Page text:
# How does team this year decide when to shoot out a ball

In order to make the shoot more convenient, l guess that many teams in this year have used a system in code to decide when to shoot out a ball. l guess that it’s until your shooter has reached the desired speed that you make the shoot. So, my question is how do you do this in code. Since during our shooter tuning, we have an oscilliation within 20 rpm. l use an speed tolerance of 20 rpm to make sure that our shooter is around the desired speed and then l will enable the conveyor or the blocker to pass the ball to the shooter. However, l think this condition isn’t accurate enough since sometimes the condition can’t be met due to the oscilliation of the shooter. So, l am curious about how your team deals with this situation? By having an accurate shooter or by dealing with this situation in code?

Having an accurate shooter is step #1. The system you just outlined (running the indexer when your RPM is within a certain range) is exactly correct, and worked fine for us. A flywheel oscillating is usually not a huge thing - are you using PIDs on your flywheel? How are you tuning it?

3 Likes

Threshold and debounce makes the world go round!

``````
final double THRESHOLD_DUR_SEC = 0.25;
final double THRESHOLD_TOLERANCE_RPM = 100;

double timerStart  = 0;

//...

public void update(){
// ...

//get the current time (once)
double curTime = Timer.getFPGATimestamp();

runShooter = false; //default to not running

if( Math.abs(desiredSpeed - actualSpeed) < THRESHOLD_TOLERANCE_RPM){
// If we're running at a speed close enough to where we want to be running...

if(curTime - timerStart > THRESHOLD_DUR_SEC){
//AND we've been running close to where we want to be for long enough, run the shooter
runShooter = true;
}
} else {
timerStart = curTime; // reset timer
}

}

``````
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Turret tracks constantly and shooter wheels run constantly, operator turned on the shooter feeder when she was comfortable the balls would hit.

Shooter wheel speed was based on the size of image the limelight saw, there was a control loop running on the falcons to target and maintain the speed.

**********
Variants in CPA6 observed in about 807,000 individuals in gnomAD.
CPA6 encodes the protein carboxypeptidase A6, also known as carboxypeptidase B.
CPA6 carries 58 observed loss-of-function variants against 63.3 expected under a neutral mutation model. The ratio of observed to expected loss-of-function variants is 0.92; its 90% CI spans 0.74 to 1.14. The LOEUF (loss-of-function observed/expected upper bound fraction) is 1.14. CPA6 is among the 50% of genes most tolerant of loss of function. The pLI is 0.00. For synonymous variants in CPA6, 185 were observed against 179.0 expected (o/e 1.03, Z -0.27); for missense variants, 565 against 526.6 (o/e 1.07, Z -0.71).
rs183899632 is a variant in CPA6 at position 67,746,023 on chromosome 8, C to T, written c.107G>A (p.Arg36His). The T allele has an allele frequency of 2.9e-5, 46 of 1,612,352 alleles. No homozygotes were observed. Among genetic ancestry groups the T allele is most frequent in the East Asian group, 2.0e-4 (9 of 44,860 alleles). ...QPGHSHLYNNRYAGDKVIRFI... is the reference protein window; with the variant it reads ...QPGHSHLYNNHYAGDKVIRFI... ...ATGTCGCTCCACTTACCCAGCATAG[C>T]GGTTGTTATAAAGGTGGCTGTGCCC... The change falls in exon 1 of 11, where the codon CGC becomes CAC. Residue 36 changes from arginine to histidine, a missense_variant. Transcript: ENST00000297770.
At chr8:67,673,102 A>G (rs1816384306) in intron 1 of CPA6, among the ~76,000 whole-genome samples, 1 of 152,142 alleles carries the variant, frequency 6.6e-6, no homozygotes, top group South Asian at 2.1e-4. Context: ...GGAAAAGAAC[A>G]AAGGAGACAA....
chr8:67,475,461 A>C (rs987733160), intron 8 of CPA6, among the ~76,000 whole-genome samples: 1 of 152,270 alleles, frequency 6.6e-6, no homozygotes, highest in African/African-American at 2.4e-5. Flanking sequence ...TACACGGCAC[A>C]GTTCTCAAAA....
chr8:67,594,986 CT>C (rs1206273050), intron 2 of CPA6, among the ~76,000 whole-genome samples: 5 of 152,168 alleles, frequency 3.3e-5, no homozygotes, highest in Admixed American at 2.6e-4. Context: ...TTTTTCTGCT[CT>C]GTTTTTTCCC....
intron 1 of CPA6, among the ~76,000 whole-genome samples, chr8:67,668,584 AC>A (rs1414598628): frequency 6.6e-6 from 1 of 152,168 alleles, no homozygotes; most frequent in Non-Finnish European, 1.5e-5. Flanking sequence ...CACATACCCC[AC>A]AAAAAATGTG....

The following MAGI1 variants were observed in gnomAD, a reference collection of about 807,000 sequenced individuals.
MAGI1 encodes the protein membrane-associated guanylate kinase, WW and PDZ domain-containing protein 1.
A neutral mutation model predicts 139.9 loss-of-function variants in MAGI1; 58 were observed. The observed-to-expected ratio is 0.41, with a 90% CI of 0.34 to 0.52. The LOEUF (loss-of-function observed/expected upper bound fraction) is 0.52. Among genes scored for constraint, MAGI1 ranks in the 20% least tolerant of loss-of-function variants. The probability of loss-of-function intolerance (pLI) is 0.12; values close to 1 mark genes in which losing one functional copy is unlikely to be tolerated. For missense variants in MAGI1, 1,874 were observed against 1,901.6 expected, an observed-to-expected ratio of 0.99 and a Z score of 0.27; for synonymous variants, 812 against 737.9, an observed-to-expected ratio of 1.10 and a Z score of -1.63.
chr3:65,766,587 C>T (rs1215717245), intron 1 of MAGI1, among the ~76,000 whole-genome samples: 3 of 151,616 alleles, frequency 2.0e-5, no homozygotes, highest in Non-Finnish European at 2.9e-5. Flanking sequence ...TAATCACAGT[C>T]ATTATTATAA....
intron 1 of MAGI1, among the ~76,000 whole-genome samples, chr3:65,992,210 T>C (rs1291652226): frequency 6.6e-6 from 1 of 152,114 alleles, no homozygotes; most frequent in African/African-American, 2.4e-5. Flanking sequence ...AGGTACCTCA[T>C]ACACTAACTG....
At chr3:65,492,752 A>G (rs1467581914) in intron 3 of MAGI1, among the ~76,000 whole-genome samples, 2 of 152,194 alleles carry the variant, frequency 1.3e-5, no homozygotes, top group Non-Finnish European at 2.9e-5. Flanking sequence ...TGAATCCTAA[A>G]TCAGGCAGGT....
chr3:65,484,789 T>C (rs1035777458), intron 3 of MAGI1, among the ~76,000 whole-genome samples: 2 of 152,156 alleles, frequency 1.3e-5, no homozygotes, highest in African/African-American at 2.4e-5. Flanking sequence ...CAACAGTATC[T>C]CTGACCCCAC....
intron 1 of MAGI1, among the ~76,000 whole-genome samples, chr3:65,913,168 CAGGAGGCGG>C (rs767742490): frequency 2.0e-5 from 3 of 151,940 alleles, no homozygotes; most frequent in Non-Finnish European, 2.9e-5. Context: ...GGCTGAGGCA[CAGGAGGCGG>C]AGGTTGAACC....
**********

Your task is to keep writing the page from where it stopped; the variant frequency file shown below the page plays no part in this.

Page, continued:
Pilot has an aim button (right bumper) that takes over steering and sets the launcher RPM based on the limelight calculated distance (thanks 6328 for that software).

By the time the robot is aimed the RPM is nearly always in the correct range. We don’t check that the RPM is correct. it’s a pretty aggressive control loop to get it spooled up quickly. We also have RPM control on the feeder wheel so that we get a consistent launch.

2 Likes

l am using P and F on my shooter.

Thanks for your advice! We have simliar solution to yours, but since our oscilliation is a little big, which is around 20 rpm, so l need to set the tolerance to be big enough to let the indexer to run. l think this isn’t accurate.

Thanks, but l think the falcon needs a time to get to the desired speed, so if your operator wrongly press the indexer button, the ball won’t be shooted to the hub accurately. So, l think a more accurate condition should be added. If you have other wise solutions which are not mentioned, please introduce them, thanks!

We are in the similar situations to yours! Can you share a link to the related code of 6328?

1 Like

It was only about a second and a half from zero, so for auto we just waited 2 seconds before shooting our auto balls. During teleop, the shooter was always running so getting up to speed only mattered when we were shooting 2 balls at a time, so we just slowed the feeder speed down until shots were consistent. It was still pretty quick. An ‘up to speed’ condition would work too, but this is one way to set it up without one and still shoot consistently.

2 Likes

l find that they do control the blocker’s speed in every point on the field, that’s really smarting! That equals to control the time the shooter needs to get to the desired speed l think. So, is this thought still available with an interpolation table? Has anyone tested it? Besides, can a too low speed still be able to pass the ball to the shooter?